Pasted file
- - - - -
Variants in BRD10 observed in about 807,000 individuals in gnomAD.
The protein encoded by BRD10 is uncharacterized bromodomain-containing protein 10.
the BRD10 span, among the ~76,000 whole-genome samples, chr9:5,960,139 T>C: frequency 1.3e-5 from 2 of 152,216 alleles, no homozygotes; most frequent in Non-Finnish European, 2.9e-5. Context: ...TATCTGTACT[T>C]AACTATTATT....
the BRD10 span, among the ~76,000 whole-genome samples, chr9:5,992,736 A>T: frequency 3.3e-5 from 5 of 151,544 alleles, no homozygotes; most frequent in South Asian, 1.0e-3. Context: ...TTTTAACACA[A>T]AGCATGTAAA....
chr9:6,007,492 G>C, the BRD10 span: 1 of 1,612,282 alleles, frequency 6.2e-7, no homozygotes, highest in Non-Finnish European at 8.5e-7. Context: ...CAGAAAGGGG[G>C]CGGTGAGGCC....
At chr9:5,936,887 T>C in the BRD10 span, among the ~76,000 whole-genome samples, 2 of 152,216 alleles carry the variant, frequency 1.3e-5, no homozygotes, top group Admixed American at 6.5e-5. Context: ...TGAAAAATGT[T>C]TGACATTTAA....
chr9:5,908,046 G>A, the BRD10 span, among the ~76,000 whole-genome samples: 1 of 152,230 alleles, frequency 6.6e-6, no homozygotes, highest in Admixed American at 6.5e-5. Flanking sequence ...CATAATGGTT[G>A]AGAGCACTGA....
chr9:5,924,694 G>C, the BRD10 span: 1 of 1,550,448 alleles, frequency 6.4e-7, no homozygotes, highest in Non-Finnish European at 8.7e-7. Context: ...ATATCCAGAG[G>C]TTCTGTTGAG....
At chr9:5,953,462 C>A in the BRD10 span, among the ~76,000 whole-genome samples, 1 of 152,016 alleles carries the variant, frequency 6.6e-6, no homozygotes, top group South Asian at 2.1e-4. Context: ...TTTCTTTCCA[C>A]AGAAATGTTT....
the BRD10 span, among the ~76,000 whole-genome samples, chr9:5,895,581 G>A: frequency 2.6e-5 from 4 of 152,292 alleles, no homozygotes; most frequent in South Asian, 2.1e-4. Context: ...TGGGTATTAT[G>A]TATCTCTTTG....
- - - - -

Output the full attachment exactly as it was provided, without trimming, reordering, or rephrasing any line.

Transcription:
Variants in BRD10 observed in about 807,000 individuals in gnomAD.
The protein encoded by BRD10 is uncharacterized bromodomain-containing protein 10.
the BRD10 span, among the ~76,000 whole-genome samples, chr9:5,960,139 T>C: frequency 1.3e-5 from 2 of 152,216 alleles, no homozygotes; most frequent in Non-Finnish European, 2.9e-5. Context: ...TATCTGTACT[T>C]AACTATTATT....
the BRD10 span, among the ~76,000 whole-genome samples, chr9:5,992,736 A>T: frequency 3.3e-5 from 5 of 151,544 alleles, no homozygotes; most frequent in South Asian, 1.0e-3. Context: ...TTTTAACACA[A>T]AGCATGTAAA....
chr9:6,007,492 G>C, the BRD10 span: 1 of 1,612,282 alleles, frequency 6.2e-7, no homozygotes, highest in Non-Finnish European at 8.5e-7. Context: ...CAGAAAGGGG[G>C]CGGTGAGGCC....
At chr9:5,936,887 T>C in the BRD10 span, among the ~76,000 whole-genome samples, 2 of 152,216 alleles carry the variant, frequency 1.3e-5, no homozygotes, top group Admixed American at 6.5e-5. Context: ...TGAAAAATGT[T>C]TGACATTTAA....
chr9:5,908,046 G>A, the BRD10 span, among the ~76,000 whole-genome samples: 1 of 152,230 alleles, frequency 6.6e-6, no homozygotes, highest in Admixed American at 6.5e-5. Flanking sequence ...CATAATGGTT[G>A]AGAGCACTGA....
chr9:5,924,694 G>C, the BRD10 span: 1 of 1,550,448 alleles, frequency 6.4e-7, no homozygotes, highest in Non-Finnish European at 8.7e-7. Context: ...ATATCCAGAG[G>C]TTCTGTTGAG....
At chr9:5,953,462 C>A in the BRD10 span, among the ~76,000 whole-genome samples, 1 of 152,016 alleles carries the variant, frequency 6.6e-6, no homozygotes, top group South Asian at 2.1e-4. Context: ...TTTCTTTCCA[C>A]AGAAATGTTT....
the BRD10 span, among the ~76,000 whole-genome samples, chr9:5,895,581 G>A: frequency 2.6e-5 from 4 of 152,292 alleles, no homozygotes; most frequent in South Asian, 2.1e-4. Context: ...TGGGTATTAT[G>A]TATCTCTTTG....